Do not think I am angry with you, though I thus attempt to rectify your opinions on my father’s account. I am well aware that, upon the whole, he is scarce regarded with more respect by me than by thee. And, while I am in a serious humour, which it is difficult to preserve with one who is perpetually tempting me to laugh at him, pray, dearest Darsie, let not thy ardour for adventure carry thee into more such scrapes as that of the Solway Sands. The rest of the story is a mere imagination; but that stormy evening might have proved, as the clown says to Lear, “a naughty night to swim in.”

As for the rest, if you can work mysterious and romantic heroes out of old cross-grained fishermen, why, I for one will reap some amusement by the metamorphosis. Yet hold! even there, there is some need of caution. This same female chaplain—thou sayest so little of her, and so much of every one else, that it excites some doubt in my mind. “Very pretty” she is, it seems—and that is all thy discretion informs me of. There are cases in which silence implies other things than consent. Wert thou ashamed or afraid, Darsie, to trust thyself with the praises of the very pretty grace-sayer?—As I live, thou blushest! Why, do I not know thee an inveterate squire of dames? and have I not been in thy confidence? An elegant elbow, displayed when the rest of the figure was muffled in a cardinal, or a neat well-turned ankle and instep, seen by chance as its owner tripped up the Old Assembly Close,1 turned thy brain for eight days. Thou wert once caught if I remember rightly, with a single glance of a single matchless eye, which, when the fair owner withdrew her veil, proved to be single in the literal sense of the word. And, besides, were you not another time enamoured of a voice—a mere voice, that mingled in the psalmody at the Old Greyfriars’ Church—until you discovered the proprietor of that dulcet organ to be Miss Dolly MacIzzard, who is both “back and breast”, as our saying goes?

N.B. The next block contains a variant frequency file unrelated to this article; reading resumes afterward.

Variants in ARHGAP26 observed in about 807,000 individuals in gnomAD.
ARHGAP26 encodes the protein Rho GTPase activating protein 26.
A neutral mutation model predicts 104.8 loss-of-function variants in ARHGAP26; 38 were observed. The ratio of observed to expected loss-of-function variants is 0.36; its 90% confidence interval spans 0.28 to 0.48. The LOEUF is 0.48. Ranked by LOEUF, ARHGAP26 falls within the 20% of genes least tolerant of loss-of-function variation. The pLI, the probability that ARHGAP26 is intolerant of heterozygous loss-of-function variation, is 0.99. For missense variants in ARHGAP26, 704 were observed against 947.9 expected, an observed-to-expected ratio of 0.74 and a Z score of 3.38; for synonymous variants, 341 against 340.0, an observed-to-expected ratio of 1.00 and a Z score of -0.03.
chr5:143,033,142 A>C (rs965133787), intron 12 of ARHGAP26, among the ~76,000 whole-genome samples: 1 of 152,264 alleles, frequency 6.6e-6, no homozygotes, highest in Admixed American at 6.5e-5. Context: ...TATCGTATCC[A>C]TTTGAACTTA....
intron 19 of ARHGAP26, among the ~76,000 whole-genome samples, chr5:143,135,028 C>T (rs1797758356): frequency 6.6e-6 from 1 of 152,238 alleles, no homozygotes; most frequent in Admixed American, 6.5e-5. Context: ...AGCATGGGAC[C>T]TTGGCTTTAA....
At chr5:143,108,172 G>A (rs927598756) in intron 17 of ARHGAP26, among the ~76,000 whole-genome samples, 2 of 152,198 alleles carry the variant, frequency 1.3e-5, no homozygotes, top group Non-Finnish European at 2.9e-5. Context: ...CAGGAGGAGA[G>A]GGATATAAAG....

All these things considered, and contrasted with thy artful silence on the subject of this grace-saying Nereid of thine, I must beg thee to be more explicit upon that subject in thy next, unless thou wouldst have me form the conclusion that thou thinkest more of her than thou carest to talk of.

You will not expect much news from this quarter, as you know the monotony of my life, and are aware it must at present be devoted to uninterrupted study. You have said a thousand times that I am only qualified to make my way by dint of plodding, and therefore plod I must.

My father seems to be more impatient of your absence than he was after your first departure. He is sensible, I believe, that our solitary meals want the light which your gay humour was wont to throw over them, and feels melancholy as men do when the light of the sun is no longer upon the landscape. If it is thus with him, thou mayst imagine it is much more so with me, and canst conceive how heartily I wish that thy frolic were ended, and thou once more our inmate.

I resume my pen, after a few hours’ interval, to say that an incident has occurred on which you will yourself be building a hundred castles in the air, and which even I, jealous as I am of such baseless fabrics, cannot but own affords ground for singular conjecture.

My father has of late taken me frequently along with him when he attends the courts, in his anxiety to see me properly initiated into the practical forms of business. I own I feel something on his account and my own from this over-anxiety, which, I dare say, renders us both ridiculous. But what signifies my repugnance? my father drags me up to his counsel learned in the law,—“Are you quite ready to come on to-day, Mr. Crossbite?—This is my son, designed for the bar—I take the liberty to bring him with me to-day to the consultation, merely that he may see how these things are managed.”